DALLAS -- A third person in the cockpit of a Southwest Airlines plane that landed at the wrong Missouri airport was a company dispatcher who had authority to be there, airline officials said Tuesday.
The airline and federal officials say they're continuing to investigate why the Southwest Boeing 737 from Chicago, with 124 passengers headed for the main airport in Branson, Mo., instead landed several miles away at a smaller airport with a runway roughly half as long. It's not uncommon for airline employees to sit in the jumpseat with the pilots' permission, but investigators are likely to consider whether the dispatcher's presence distracted the pilots.
The two pilots, men with at least 12 years each at Southwest, were placed on paid leave after Sunday's flight. The airline said Tuesday that the dispatcher also has been placed on paid leave. Southwest declined to provide more information about the dispatcher's background and purpose for being in the cockpit. Spokeswoman Linda Rutherford said that the National Transportation Safety Board, which is investigating the incident, asked the airline not to disclose that and other information yet.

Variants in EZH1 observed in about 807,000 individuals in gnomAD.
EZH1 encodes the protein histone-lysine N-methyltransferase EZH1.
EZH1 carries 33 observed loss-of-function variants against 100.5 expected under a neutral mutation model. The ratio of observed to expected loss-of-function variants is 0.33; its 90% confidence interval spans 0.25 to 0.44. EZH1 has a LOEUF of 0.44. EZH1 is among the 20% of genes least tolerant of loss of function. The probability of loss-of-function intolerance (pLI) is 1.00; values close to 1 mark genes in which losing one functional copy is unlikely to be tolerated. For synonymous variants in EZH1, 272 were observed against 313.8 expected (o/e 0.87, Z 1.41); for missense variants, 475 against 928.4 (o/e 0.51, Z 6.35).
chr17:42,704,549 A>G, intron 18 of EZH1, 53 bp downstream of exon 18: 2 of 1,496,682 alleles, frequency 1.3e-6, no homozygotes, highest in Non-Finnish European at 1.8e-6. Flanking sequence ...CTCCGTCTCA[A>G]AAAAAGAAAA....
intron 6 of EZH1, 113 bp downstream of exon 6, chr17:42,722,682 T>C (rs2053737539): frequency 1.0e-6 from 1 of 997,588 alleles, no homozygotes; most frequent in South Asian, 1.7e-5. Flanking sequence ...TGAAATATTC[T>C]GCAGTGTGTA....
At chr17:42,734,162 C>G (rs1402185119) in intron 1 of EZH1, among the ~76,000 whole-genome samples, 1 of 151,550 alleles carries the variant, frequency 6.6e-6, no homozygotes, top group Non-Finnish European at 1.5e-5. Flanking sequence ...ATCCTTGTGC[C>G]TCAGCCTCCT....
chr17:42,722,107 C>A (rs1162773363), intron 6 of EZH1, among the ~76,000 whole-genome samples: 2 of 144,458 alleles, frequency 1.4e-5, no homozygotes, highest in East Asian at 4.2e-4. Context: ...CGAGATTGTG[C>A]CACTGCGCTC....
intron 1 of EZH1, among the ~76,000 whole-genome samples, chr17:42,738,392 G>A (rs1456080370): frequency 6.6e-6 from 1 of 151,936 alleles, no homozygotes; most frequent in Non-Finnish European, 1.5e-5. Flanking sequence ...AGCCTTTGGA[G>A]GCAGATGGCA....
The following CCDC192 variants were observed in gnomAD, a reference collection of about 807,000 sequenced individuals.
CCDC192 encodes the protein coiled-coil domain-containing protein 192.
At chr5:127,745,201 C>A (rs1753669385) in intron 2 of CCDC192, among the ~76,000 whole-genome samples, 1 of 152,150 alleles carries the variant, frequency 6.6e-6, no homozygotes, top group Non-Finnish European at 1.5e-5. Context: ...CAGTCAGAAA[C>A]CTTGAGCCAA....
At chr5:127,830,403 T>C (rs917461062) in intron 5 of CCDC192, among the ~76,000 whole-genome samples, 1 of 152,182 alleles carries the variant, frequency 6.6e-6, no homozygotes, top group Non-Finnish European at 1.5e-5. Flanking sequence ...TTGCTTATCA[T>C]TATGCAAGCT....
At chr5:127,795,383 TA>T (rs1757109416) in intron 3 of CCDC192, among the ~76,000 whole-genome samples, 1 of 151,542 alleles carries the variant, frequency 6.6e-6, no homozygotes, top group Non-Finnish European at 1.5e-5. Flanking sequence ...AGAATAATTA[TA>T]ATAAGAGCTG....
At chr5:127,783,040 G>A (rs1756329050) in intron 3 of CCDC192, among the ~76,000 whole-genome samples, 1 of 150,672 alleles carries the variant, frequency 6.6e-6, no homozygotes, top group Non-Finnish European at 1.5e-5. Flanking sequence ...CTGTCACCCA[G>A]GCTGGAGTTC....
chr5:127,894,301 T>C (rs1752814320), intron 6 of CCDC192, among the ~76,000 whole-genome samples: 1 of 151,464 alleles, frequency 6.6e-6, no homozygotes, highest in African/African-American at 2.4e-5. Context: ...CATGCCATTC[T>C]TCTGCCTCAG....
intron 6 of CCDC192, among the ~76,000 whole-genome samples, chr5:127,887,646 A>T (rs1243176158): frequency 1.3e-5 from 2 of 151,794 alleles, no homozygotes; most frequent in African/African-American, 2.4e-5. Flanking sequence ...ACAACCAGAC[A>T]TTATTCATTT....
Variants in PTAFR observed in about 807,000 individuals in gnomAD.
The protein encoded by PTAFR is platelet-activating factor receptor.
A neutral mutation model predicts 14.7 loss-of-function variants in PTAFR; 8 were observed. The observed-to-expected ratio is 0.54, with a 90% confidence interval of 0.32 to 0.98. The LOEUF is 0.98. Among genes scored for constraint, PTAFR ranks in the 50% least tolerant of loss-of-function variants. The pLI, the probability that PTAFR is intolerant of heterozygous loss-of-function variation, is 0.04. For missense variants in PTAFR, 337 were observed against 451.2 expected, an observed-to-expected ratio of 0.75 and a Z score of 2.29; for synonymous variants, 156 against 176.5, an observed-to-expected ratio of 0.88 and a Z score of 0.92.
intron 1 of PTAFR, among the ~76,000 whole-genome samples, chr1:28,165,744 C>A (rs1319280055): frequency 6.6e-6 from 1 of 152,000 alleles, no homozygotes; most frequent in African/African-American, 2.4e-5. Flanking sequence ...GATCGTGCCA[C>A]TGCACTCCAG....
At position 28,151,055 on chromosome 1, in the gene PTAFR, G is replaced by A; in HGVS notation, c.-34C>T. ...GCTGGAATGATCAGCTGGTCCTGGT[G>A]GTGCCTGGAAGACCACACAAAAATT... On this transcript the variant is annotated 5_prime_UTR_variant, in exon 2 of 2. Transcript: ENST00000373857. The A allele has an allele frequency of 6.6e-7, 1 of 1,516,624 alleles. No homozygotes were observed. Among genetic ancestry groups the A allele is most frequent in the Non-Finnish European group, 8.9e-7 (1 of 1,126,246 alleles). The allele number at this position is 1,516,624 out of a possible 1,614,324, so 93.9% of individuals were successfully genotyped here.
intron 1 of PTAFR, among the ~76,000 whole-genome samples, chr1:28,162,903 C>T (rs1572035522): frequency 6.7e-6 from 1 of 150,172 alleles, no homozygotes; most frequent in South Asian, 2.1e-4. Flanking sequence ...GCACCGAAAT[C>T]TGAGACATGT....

Dispatchers work with pilots to plan flight routes and fuel loads after considering weather and other factors. Southwest officials said the dispatcher was sitting behind the captain and first officer.
Investigators plan to interview both pilots and the dispatcher, safety board spokesman Keith Holloway said.
NTSB investigators seized the plane's cockpit voice recorder and flight data recorder -- the so-called black box. Holloway said that information from the recorders was being analyzed Tuesday afternoon, but it could be a few days before the board releases preliminary findings.
Aviation experts wondered why neither pilot realized that they were approaching the wrong airport.
"I think that they weren't communicating in the cockpit the way they should -- back and forth," said Robert Francis, a former NTSB vice chairman. "Everybody has a responsibility to pay attention to the instruments."
Sen. Roy Blunt, R-Mo., a member of a Senate aviation subcommittee, wrote Tuesday to Federal Aviation Administration head Michael Huerta and demanded a thorough investigation, saying "the flying public and residents surrounding every commercial airport in the country deserve answers."
No one was injured in the landing at a small airport built for light jets and private planes, but passengers smelled burning rubber as the pilots braked hard to stop near the end of the runway, which gives way to a steep drop-off. The manager of the Taney County Airport, which opened in 1970 and doesn't have a control tower, said no 737 had ever landed there.